One of the things I tend to do when on Walkabout is seek out pleasant public spaces in which to work. Sometimes institutions to which I might have some connection might give me access to a guest office, or something similar, but often I go “off the grid”, where the grid here refers to the network of academic connections and arrangements that produces such (generous and vital) courtesies. So every city I spend time in, I try to work build a personal network of hideouts. Sometimes, these are just favourite cafes of one sort or another (you’ve maybe seen posts on those), but at times it can also be libraries or other spaces at one sort of institution or another. Some of them are quite splendid, or simply pleasant or convenient. Among the examples for me are the Santa Monica public library, the (downtown) Los Angeles public library (yes, even close to home I like to get away from my standard offices), the Butler Library at Columbia University in New York, the New York Public Library Continue reading ‘Hideouts’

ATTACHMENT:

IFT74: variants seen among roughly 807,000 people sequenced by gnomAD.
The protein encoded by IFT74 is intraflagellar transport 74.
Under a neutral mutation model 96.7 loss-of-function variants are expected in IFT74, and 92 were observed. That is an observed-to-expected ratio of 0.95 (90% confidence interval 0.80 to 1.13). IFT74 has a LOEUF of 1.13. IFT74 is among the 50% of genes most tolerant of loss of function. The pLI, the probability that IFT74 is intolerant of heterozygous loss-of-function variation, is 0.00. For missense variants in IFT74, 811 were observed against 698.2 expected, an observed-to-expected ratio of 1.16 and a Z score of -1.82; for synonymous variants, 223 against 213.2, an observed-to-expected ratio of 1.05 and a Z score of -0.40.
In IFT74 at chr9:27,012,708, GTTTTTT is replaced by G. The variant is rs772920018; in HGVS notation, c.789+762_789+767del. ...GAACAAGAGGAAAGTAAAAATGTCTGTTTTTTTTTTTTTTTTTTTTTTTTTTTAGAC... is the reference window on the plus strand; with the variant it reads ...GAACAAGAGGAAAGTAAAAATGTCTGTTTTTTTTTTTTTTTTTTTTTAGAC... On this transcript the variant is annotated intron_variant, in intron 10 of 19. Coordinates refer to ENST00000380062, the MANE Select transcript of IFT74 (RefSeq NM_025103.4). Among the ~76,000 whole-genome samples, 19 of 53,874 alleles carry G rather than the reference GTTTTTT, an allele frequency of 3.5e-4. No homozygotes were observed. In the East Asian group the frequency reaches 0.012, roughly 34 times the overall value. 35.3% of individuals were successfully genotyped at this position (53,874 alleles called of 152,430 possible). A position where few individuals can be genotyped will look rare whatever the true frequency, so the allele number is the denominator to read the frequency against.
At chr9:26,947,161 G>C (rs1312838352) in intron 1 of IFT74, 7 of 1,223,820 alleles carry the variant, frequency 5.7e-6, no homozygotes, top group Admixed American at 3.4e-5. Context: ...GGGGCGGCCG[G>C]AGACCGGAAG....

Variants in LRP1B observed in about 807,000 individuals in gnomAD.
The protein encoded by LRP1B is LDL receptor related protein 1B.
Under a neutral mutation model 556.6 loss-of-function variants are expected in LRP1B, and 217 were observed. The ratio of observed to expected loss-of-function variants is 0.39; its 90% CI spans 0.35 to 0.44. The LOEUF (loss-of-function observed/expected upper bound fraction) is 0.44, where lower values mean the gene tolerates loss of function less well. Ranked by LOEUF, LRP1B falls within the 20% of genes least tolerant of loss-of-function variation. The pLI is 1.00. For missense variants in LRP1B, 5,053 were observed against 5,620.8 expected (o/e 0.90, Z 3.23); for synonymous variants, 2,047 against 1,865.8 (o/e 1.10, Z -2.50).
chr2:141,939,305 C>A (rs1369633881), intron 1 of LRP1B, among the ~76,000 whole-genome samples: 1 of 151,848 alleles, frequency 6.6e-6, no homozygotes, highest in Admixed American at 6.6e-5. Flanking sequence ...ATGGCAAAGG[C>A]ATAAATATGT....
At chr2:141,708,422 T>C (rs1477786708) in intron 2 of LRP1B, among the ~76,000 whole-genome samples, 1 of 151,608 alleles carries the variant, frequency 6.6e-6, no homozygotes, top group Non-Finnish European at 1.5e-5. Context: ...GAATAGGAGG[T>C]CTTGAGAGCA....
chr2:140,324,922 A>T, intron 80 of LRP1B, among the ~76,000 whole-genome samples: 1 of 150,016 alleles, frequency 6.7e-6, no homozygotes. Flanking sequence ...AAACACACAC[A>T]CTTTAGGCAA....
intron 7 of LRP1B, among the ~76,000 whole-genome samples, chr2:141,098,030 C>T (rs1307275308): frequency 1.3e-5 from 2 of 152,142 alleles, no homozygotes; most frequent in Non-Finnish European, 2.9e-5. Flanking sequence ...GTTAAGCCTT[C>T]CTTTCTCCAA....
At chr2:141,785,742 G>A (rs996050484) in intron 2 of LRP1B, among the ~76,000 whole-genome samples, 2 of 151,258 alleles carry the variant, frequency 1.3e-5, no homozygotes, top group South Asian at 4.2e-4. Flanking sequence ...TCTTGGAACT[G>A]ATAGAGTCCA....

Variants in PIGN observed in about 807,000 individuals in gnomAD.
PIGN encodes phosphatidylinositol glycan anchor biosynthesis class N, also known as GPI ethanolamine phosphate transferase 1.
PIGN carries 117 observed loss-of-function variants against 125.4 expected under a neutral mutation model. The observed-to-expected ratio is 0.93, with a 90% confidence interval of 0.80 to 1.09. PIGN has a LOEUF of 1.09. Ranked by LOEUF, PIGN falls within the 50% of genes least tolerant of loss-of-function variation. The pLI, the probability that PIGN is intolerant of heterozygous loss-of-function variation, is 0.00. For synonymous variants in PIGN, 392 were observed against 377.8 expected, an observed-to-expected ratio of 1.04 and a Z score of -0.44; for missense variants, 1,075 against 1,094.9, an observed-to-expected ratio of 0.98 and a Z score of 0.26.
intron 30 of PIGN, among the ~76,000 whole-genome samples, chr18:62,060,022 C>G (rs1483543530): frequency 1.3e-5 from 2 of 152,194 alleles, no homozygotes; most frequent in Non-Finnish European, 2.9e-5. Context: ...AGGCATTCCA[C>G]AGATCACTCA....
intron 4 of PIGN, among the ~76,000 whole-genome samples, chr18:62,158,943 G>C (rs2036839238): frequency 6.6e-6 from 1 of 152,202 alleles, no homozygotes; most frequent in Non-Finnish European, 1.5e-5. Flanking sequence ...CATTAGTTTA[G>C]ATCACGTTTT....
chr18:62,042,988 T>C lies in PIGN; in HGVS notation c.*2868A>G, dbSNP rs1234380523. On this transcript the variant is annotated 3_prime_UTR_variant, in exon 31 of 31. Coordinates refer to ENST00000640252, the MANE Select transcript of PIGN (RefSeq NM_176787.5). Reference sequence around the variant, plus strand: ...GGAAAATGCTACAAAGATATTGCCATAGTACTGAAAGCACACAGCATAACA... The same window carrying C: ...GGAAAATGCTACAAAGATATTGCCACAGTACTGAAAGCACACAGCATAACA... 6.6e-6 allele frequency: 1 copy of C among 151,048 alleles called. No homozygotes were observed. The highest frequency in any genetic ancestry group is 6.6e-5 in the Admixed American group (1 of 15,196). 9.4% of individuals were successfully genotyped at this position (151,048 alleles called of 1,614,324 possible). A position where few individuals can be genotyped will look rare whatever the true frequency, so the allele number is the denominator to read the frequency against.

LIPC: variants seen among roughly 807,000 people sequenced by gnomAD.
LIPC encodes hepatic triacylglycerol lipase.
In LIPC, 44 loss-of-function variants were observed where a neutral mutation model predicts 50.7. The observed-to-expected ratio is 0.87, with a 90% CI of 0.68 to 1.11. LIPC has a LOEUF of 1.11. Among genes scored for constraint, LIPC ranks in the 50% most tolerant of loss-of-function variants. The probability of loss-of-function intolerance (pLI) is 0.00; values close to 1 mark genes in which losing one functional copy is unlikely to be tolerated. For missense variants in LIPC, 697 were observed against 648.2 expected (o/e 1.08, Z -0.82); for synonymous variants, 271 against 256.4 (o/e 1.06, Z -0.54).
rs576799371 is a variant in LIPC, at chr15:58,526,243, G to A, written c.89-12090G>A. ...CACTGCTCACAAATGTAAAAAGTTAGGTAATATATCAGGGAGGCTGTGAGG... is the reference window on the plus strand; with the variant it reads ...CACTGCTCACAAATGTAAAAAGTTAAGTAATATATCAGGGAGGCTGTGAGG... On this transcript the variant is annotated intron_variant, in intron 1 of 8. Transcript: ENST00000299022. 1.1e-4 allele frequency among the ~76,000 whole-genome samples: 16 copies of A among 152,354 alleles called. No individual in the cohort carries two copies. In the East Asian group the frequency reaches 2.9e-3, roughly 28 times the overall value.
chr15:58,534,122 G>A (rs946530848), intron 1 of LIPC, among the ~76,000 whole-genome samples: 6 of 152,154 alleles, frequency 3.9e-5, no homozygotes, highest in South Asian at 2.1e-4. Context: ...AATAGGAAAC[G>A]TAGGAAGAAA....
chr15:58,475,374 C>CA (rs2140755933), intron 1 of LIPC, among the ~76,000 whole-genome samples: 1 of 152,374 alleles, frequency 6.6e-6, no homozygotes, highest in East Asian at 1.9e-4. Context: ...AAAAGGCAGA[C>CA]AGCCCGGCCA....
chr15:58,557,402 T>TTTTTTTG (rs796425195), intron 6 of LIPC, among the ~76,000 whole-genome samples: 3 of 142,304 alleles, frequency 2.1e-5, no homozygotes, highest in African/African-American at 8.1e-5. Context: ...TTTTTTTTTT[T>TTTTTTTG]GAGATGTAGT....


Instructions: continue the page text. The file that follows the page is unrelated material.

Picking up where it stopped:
Monthly Archive for February, 2010
There’s something about a little park in London being named after the excellent (and legendary) drummer Max Roach that makes me feel good.
I hope it inspires those who pass by and those who use the park.
Now, find some time to listen to some Max Roach…Perhaps hearing him playing Continue reading ‘Dedication’
Well, having finished the various papers I wanted completed before turning to other things, I’ve now turned to other things. What I’ve not mentioned so far is that I’m actually on sabbatical this semester. Due to being too stupid to say flat out NO to various things, even though it was supposed to start in early January, I did not really get things together until the end of the month, but I’m happy to report that I’m properly in sabbatical mode now.
My plan for the sabbatical is to work on a specific project, and little else, right through until the late Summer. Sabbaticals come only once every seven years, and so I want to structure things to use the time as well as I can, but the nature of what I want to do with the time means I need to disconnect a bit, so I won’t be attached to a particular institution (as is common with sabbaticals), but instead will be a bit of a nomad. At times, I’m just going to be on Walkabout for a long stretch, taking my work with me wherever I go (the wandering is actually part of the work, in a sense) and just lying low, drifting from town to town like Kwai Chang Caine (I’ll try not to get into any fights, and, for the record, I’ve no plans to go to Thailand). Appropriately, therefore, I’ve dug out a snap from a recent visit to the desert by way of illustration.